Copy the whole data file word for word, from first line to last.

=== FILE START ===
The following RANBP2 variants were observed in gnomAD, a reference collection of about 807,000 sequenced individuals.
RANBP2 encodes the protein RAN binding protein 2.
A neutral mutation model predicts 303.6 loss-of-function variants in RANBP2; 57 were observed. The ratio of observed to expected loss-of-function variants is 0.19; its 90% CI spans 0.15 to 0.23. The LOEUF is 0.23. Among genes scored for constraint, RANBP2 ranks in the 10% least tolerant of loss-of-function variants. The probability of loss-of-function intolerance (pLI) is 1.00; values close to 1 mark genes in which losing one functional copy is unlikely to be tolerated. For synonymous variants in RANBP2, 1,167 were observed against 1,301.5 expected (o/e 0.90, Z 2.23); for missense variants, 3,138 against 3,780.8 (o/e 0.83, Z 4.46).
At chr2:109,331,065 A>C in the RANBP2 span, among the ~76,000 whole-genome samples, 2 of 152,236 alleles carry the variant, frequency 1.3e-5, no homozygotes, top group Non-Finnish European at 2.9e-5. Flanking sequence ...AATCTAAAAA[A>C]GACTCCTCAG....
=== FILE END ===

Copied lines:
The following RANBP2 variants were observed in gnomAD, a reference collection of about 807,000 sequenced individuals.
RANBP2 encodes the protein RAN binding protein 2.
A neutral mutation model predicts 303.6 loss-of-function variants in RANBP2; 57 were observed. The ratio of observed to expected loss-of-function variants is 0.19; its 90% CI spans 0.15 to 0.23. The LOEUF is 0.23. Among genes scored for constraint, RANBP2 ranks in the 10% least tolerant of loss-of-function variants. The probability of loss-of-function intolerance (pLI) is 1.00; values close to 1 mark genes in which losing one functional copy is unlikely to be tolerated. For synonymous variants in RANBP2, 1,167 were observed against 1,301.5 expected (o/e 0.90, Z 2.23); for missense variants, 3,138 against 3,780.8 (o/e 0.83, Z 4.46).
At chr2:109,331,065 A>C in the RANBP2 span, among the ~76,000 whole-genome samples, 2 of 152,236 alleles carry the variant, frequency 1.3e-5, no homozygotes, top group Non-Finnish European at 2.9e-5. Flanking sequence ...AATCTAAAAA[A>C]GACTCCTCAG....